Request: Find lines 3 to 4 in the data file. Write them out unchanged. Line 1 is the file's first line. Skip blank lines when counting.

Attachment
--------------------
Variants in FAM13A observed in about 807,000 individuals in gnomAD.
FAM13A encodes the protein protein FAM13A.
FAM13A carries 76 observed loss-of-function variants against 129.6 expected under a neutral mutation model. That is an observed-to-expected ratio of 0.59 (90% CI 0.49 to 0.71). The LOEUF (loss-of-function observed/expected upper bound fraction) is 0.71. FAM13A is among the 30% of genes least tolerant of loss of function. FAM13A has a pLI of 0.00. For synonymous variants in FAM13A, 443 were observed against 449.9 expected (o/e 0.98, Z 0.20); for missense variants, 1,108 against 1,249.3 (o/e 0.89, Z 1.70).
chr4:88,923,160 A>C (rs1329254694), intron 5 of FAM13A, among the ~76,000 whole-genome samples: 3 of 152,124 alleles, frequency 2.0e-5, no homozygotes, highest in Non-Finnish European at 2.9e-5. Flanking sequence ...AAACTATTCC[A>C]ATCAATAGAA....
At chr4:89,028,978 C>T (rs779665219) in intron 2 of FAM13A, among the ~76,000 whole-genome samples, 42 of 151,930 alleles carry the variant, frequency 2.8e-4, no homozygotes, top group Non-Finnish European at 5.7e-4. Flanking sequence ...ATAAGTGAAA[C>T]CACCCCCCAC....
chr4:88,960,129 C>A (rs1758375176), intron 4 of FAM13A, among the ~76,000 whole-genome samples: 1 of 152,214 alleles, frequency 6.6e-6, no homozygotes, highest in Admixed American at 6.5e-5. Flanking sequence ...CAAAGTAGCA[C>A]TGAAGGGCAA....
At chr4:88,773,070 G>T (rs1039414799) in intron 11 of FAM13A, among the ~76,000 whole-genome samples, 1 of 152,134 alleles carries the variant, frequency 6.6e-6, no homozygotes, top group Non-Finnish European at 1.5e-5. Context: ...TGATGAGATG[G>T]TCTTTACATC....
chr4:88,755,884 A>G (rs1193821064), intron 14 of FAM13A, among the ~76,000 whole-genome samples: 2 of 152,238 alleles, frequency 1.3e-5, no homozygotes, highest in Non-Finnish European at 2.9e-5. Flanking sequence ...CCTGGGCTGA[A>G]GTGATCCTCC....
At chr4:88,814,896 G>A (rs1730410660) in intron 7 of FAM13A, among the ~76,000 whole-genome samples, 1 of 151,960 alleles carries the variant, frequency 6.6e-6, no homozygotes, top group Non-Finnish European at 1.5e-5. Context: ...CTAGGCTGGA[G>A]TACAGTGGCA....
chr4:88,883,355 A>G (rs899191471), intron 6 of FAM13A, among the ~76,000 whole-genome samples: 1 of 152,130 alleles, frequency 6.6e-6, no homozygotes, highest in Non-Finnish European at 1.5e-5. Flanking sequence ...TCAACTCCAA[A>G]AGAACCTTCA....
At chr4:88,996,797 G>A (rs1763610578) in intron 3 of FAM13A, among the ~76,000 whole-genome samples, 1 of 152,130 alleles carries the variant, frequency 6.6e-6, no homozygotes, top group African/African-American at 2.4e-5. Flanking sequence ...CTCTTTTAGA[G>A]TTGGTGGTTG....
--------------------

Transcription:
FAM13A carries 76 observed loss-of-function variants against 129.6 expected under a neutral mutation model. That is an observed-to-expected ratio of 0.59 (90% CI 0.49 to 0.71). The LOEUF (loss-of-function observed/expected upper bound fraction) is 0.71. FAM13A is among the 30% of genes least tolerant of loss of function. FAM13A has a pLI of 0.00. For synonymous variants in FAM13A, 443 were observed against 449.9 expected (o/e 0.98, Z 0.20); for missense variants, 1,108 against 1,249.3 (o/e 0.89, Z 1.70).
chr4:88,923,160 A>C (rs1329254694), intron 5 of FAM13A, among the ~76,000 whole-genome samples: 3 of 152,124 alleles, frequency 2.0e-5, no homozygotes, highest in Non-Finnish European at 2.9e-5. Flanking sequence ...AAACTATTCC[A>C]ATCAATAGAA....